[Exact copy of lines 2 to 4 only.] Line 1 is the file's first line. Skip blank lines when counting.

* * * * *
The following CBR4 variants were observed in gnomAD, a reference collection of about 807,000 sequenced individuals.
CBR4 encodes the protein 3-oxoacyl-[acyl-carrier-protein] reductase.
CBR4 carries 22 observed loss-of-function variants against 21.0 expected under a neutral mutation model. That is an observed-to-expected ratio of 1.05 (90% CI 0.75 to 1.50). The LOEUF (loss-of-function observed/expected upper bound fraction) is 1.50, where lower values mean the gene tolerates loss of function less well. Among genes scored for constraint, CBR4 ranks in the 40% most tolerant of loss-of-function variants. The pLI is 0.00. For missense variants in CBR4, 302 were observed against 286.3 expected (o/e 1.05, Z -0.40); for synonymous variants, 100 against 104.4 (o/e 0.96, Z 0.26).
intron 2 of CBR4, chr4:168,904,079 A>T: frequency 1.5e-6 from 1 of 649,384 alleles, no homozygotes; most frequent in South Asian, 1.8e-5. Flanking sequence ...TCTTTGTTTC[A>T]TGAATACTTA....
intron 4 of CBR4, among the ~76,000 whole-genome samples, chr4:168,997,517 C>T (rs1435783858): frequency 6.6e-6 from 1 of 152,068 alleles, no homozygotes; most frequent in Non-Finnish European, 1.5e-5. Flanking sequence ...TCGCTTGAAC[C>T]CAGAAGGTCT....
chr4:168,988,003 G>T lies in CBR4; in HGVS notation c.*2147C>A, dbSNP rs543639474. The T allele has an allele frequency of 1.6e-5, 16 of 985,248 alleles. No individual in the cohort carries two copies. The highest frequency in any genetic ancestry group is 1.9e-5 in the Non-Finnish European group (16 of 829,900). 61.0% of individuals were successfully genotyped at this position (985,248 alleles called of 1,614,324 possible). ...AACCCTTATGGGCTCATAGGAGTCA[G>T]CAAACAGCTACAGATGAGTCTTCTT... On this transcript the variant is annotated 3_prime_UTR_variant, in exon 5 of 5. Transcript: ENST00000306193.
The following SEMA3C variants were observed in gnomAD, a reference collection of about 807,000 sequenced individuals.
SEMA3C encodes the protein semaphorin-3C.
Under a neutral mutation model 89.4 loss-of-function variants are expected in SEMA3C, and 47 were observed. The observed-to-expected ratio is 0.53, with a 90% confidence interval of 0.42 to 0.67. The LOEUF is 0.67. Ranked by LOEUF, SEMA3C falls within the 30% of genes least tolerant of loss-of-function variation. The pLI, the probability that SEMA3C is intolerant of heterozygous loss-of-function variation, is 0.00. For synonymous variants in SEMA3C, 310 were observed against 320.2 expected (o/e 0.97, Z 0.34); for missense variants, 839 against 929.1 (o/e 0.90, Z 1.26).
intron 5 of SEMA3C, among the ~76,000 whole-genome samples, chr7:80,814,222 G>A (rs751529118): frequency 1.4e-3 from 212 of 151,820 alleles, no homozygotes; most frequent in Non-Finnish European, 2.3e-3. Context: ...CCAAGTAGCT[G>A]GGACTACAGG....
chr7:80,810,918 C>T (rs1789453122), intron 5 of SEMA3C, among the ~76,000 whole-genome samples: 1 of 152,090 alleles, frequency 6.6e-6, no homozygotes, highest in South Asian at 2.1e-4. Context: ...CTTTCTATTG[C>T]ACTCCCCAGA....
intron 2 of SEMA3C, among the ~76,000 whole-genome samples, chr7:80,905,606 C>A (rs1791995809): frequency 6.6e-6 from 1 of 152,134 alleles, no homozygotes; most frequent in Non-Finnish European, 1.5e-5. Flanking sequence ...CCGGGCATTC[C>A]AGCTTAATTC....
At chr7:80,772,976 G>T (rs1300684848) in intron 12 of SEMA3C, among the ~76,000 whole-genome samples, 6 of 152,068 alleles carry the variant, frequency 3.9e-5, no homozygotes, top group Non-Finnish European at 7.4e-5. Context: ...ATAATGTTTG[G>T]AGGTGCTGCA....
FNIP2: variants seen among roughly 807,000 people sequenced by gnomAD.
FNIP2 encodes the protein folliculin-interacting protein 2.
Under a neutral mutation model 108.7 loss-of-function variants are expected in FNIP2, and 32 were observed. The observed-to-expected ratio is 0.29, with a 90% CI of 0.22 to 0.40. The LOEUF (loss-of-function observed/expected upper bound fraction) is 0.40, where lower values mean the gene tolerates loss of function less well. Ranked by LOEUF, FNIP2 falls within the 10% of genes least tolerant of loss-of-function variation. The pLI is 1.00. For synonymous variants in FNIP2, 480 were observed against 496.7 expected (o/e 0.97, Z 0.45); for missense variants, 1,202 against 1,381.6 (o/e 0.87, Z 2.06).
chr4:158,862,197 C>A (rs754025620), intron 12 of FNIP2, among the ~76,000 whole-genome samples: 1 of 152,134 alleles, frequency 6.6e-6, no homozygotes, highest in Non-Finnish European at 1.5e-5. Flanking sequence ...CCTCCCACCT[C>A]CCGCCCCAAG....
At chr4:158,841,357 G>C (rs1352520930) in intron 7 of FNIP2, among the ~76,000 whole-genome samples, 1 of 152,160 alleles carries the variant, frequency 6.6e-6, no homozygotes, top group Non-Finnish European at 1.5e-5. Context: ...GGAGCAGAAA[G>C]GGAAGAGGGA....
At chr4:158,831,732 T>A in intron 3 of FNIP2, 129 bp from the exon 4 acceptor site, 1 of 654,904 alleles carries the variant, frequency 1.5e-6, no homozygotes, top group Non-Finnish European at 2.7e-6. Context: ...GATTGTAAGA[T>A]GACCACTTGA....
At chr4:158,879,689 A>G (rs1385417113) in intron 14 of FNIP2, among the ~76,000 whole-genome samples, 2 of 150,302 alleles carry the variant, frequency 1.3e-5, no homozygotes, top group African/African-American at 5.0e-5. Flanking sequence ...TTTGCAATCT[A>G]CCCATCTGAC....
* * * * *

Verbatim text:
CBR4 encodes the protein 3-oxoacyl-[acyl-carrier-protein] reductase.
CBR4 carries 22 observed loss-of-function variants against 21.0 expected under a neutral mutation model. That is an observed-to-expected ratio of 1.05 (90% CI 0.75 to 1.50). The LOEUF (loss-of-function observed/expected upper bound fraction) is 1.50, where lower values mean the gene tolerates loss of function less well. Among genes scored for constraint, CBR4 ranks in the 40% most tolerant of loss-of-function variants. The pLI is 0.00. For missense variants in CBR4, 302 were observed against 286.3 expected (o/e 1.05, Z -0.40); for synonymous variants, 100 against 104.4 (o/e 0.96, Z 0.26).
intron 2 of CBR4, chr4:168,904,079 A>T: frequency 1.5e-6 from 1 of 649,384 alleles, no homozygotes; most frequent in South Asian, 1.8e-5. Flanking sequence ...TCTTTGTTTC[A>T]TGAATACTTA....